Then of course there is Richard the Lion Heart, Eleanor's most beloved son who headed up the Third Crusade while he was king of England. He was captured and imprisoned by former crusader allies whom he had managed to piss off, and they were working in conjunction with John to keep Richard from getting home. Eleanor naturally put a stop to that nonsense in typical mama bear fashion, collected the huge sums needed for Richard's ransom, and hand-delivered it to Duke Leopold of Austria in exchange for her son's freedom.

So, yeah, the crusades are kind of a major factor in Eleanor's life.

What are you reading this week? Leave a comment below with your own line, or thoughts on mine, or both! Then head over to Hoarding Books to see what other First Liners have this week.

Happy Reading!

Tuesday, October 10, 2017

Cor Rotto: A Novel of Catherine Carey


Rating: 4 Stars

Full Disclosure: I have this book shelved as being a gift from an author or publisher because this is technically true. Adrienne Dillard is the author but she has, more importantly, become my friend. It will probably not surprise anyone that we 'met' on a post from Dan Jones' Facebook page. We share a love of history, specifically the Tudor era, and really ridiculous amounts of awesome GIFs. As such, while this book was a gift, it did not come with the expectation of a review. It came as a gift from one friend to another.

Normally, I do not like historical fiction. Everyone and their mother knows this by now. There are exceptions I am willing to make though - particularly if it is someone who I know about, but not too much. I can not abide fictional works of certain real-life people, namely Eleanor of Aquitaine and her brood. She is too near and dear to my heart for me to entertain what someone thinks she MIGHT HAVE said or thought. Novels like this then are ideal for me because I know who Catherine Carey was, but have no deep connection otherwise. I enjoy Adrienne's work because she is thorough in her research and always quick to make note of where she took her information from, what is historically accurate, and what came from her own imagination. That is the reason I read her second novel, of Jane Boleyn, so quickly. I could not put it down. I enjoyed learning Catherine's story, but was also pleased to find that I for the most part was able to decipher on my own what was real and what was imagined, based on my other Tudor knowledge.

One thing I am not a fan of is stories told in first person. That is really the only aspect of the novel that bothered me, and it bothers me in literally every other novel I have read in the last five years. I don't know what has caused this change in me, it never used to bother me so much. Perhaps it is because my brain is now wired for non-fiction, so peoples' thoughts and emotion perturbed me now. Who knows.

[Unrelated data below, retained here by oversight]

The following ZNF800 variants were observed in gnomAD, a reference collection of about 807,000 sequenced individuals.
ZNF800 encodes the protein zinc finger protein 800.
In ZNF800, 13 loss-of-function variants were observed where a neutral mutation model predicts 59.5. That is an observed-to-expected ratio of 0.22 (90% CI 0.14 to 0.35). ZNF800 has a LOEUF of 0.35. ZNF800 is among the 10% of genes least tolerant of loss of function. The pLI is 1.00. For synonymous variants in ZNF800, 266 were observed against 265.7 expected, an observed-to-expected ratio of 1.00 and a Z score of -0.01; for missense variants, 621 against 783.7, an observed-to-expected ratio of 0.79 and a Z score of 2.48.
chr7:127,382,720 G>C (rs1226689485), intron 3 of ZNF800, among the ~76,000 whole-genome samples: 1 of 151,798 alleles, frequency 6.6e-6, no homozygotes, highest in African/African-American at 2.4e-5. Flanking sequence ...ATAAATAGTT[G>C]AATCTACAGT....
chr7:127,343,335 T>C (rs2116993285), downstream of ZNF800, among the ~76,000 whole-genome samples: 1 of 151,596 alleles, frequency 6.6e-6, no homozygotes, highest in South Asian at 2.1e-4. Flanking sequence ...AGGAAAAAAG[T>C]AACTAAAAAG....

I did enjoy some of the perspectives taken in Catherine's eyes, particularly that of Mary I. I have long maintained a special place in my heart for the daughter of Catherine of Aragon. I feel the treatment of herself and her mother by Henry in the years leading up to and following his marriage to Anne Boleyn were what changed Mary into the person she became. By all accounts she was a happy, thriving child, but Henry took that light in her and twisted it and damaged it beyond repair. Had she been treated more justly, I believe her reign would have reflected that. I also appreciated Catherine's portrayal in how she regarded Elizabeth - that she was difficult. Elizabeth is one of my least favorite people in history, I find her manipulative and dramatic and annoying. I am glad to see I am not the only one who might view her as difficult and Catherine and I agreed greatly - though she was still loyal and loved Elizabeth dearly.

The tenderness between the various characters is what really stands out in this novel for me, whether it be between husbands and wives, parents and children, etc. Sometimes it is easy to look back on these long-ago times and see these people as so wholly different from us. But it is also easy to forget they were in fact real people with real thoughts and feelings and hopes and dreams, people who loved those dear to them. I always find this especially true when addressing the high mortality rate in infants and children of the time. Just because a family has so many children does not mean the deaths of little ones are felt any less deeply. I also appreciated the love between Catherine and her husband. While it was an arranged marriage, I can hope that it truly became a loving one - and I think the multitude of children reflects that.

The big question here though, involves the view that recognizes Catherine has Henry VIII's daughter, this making Catherine a half sister to three Tudor monarchs. I believe until there is DNA testing done to prove once and for all, this debate will not end. But, as we can not even pin down the time line correctly, this may be another one for the 'We will never know' pile. 

Overall this was a lovely portrayal of a lesser-known figure in Tudor history. If you enjoy historical fiction based on the facts available, you will likely enjoy this one. Highly recommended.

Thursday, October 5, 2017

First Line Friday - Now With Linky Widget

First Line Fridays hosted by Hoarding Books

Happy First Line Friday!

Due to the massive increase in the number of bloggers participating in First Line Friday, the decision was made to run the meme like you see from The Broke and the Bookish with their Top Ten Tuesday. If you're not familiar, click the links to check out how it works. This means that instead of each of us linking to every other blog every single week, we will simply post our own First Line, then add our blogs to the link-up so others can take a look. This will make things so much easier and allow many other participants, all while finding new books for those TBRs of ours!

This week my line is from a book I am super excited to read, but just have not had the chance to yet.


I think at some point, everyone experiences doubt. It's not always soul-crushing for everyone, but sometimes something makes you pause - then question everything you thought you knew.

"Life is fragile. We desire security and certainty, but we often face a world full of unknowns, danger, and brokenness. Faith is also fragile. We yearn for absolutes and rock-solid assurances, but we often feel insecure and uncertain about what God is up to and why He seems to be taking so long."

Truer words have never been spoken.

Let me know what you think of this line, then head on over to 

grab button for Hoarding Books

to find my fellow First-Liners.

Happy Reading!